Soz believes no effort has been made by the Centre to engage with the locals, a view he insists has the support of several senior army officials. He mentions that several generals, including Lt General DS Hooda, asked the political government to engage with the people, especially the youth.
During this press meet, Soz recalled his discussion with Spanish intellectual Johan Galtung, who possesses enormous knowledge on how to deal with conflict situations. "Galtung shared with me his experience of discussing the Afghan crisis with young members of the Taliban whom he met in Jalalabad. These young people told him he was the first person who tried to discuss the Afghan problem with them. Dialogue is also the only way forward in our state," added Soz.
Japan sees greater push for bill protecting LGBTQ rights as activists use Tokyo Olympics to catalyse change
An increasing number of local governments and private companies are introducing more inclusive policies, and a recent landmark court verdict called the failure to recognise same-sex marriage unconstitutional.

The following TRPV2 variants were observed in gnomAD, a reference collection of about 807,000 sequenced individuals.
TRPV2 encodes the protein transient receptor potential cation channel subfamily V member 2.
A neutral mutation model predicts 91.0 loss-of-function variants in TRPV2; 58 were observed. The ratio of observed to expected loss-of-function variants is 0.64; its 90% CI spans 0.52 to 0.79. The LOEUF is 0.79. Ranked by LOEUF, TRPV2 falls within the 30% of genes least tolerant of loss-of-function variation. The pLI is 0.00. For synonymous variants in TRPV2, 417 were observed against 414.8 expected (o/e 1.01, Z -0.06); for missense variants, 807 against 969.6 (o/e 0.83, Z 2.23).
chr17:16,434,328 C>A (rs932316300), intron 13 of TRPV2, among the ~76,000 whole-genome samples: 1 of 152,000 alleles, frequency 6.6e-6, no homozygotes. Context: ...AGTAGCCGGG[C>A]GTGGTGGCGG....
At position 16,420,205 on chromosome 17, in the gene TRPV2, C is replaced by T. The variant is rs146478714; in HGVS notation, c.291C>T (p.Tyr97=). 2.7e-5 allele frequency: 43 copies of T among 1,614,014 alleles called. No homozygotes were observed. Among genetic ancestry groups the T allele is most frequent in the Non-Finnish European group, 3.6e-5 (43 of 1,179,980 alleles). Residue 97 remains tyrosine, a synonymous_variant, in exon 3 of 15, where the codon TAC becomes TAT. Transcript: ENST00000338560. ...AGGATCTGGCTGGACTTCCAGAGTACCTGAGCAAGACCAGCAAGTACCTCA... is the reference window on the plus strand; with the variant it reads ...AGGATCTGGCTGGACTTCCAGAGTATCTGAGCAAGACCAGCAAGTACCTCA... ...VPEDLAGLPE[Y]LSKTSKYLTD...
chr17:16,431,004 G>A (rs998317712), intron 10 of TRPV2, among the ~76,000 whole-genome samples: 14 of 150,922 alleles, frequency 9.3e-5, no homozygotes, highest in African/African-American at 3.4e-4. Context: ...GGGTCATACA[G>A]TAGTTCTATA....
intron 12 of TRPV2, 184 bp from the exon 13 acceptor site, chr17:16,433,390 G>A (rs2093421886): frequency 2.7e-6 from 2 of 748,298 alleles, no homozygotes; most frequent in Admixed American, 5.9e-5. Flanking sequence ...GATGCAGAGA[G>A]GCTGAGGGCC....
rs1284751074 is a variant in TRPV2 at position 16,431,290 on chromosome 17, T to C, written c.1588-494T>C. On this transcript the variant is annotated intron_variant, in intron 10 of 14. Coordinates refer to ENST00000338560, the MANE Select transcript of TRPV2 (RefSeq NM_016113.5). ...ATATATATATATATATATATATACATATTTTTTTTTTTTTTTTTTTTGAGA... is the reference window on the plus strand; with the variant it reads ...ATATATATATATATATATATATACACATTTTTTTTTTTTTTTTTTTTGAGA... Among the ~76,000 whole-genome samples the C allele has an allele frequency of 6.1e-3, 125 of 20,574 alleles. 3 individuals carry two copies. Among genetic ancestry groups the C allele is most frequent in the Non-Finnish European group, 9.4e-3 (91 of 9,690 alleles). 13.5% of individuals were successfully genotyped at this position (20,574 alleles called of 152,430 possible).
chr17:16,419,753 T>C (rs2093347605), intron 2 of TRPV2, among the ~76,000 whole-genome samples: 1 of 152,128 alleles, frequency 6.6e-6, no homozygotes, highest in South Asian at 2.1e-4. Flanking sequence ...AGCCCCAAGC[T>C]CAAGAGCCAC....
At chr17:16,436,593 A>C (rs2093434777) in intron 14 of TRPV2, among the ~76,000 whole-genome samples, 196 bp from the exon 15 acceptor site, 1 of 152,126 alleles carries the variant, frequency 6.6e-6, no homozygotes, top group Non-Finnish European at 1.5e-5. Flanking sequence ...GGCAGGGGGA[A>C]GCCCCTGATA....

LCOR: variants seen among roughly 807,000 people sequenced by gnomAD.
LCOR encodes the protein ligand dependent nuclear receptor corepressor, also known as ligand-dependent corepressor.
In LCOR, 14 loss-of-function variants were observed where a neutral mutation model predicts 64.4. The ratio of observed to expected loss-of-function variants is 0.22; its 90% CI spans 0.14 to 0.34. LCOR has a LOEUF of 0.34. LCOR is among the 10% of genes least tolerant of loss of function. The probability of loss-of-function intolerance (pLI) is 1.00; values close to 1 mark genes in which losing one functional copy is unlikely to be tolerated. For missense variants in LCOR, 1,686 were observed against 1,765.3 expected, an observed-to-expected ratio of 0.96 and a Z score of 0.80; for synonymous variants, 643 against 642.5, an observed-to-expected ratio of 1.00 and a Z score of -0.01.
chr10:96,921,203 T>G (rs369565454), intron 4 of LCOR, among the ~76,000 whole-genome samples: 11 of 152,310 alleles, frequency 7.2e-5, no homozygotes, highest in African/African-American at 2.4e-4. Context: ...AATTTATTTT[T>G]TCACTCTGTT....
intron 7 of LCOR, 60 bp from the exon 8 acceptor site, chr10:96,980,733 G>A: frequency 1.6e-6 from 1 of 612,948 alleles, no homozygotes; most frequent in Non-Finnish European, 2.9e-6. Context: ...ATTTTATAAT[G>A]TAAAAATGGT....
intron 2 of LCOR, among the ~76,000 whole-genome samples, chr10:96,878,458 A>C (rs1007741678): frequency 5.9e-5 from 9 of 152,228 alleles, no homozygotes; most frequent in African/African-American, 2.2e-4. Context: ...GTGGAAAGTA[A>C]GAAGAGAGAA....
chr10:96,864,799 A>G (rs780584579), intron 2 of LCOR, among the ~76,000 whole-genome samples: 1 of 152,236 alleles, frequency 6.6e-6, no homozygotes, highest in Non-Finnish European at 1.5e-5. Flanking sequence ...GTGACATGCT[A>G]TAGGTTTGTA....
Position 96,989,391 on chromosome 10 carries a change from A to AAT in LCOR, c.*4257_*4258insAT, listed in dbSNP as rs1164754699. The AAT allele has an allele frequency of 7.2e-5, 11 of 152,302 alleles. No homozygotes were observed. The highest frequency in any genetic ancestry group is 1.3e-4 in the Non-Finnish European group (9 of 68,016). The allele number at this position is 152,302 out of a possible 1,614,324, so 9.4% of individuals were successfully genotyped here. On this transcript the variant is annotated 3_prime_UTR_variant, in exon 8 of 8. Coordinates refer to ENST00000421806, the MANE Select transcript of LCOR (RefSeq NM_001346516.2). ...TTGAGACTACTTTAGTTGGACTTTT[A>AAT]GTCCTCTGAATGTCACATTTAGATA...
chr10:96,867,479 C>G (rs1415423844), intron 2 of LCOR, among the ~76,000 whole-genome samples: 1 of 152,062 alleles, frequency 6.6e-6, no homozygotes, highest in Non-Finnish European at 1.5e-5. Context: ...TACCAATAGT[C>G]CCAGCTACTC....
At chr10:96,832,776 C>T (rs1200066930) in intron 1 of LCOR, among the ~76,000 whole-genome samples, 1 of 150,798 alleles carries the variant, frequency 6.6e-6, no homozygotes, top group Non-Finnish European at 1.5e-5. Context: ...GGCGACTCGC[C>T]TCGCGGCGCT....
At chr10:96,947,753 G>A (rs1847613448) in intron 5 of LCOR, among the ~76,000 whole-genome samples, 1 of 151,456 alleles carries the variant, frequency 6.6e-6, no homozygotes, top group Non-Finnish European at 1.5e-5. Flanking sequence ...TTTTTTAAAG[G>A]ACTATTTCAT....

Salman Khurshid slams G-23, says reform not achieved by questioning something one has 'taken advantage of'
Days after Moily stressed the need for a 'major surgery' on the Congress to make it electorally more competitive, Khurshid said these 'wonderful phrases' are not the answer
As COVID-19 fuelled shift to online learning, Indian students reflect on how their overseas education experience was impacted
As classes went online, social interactions ceased, and decisions about travel — whether for fieldwork or to one's home or institute — became fraught, Indian students enrolled at foreign universities had to look for new ways to cope.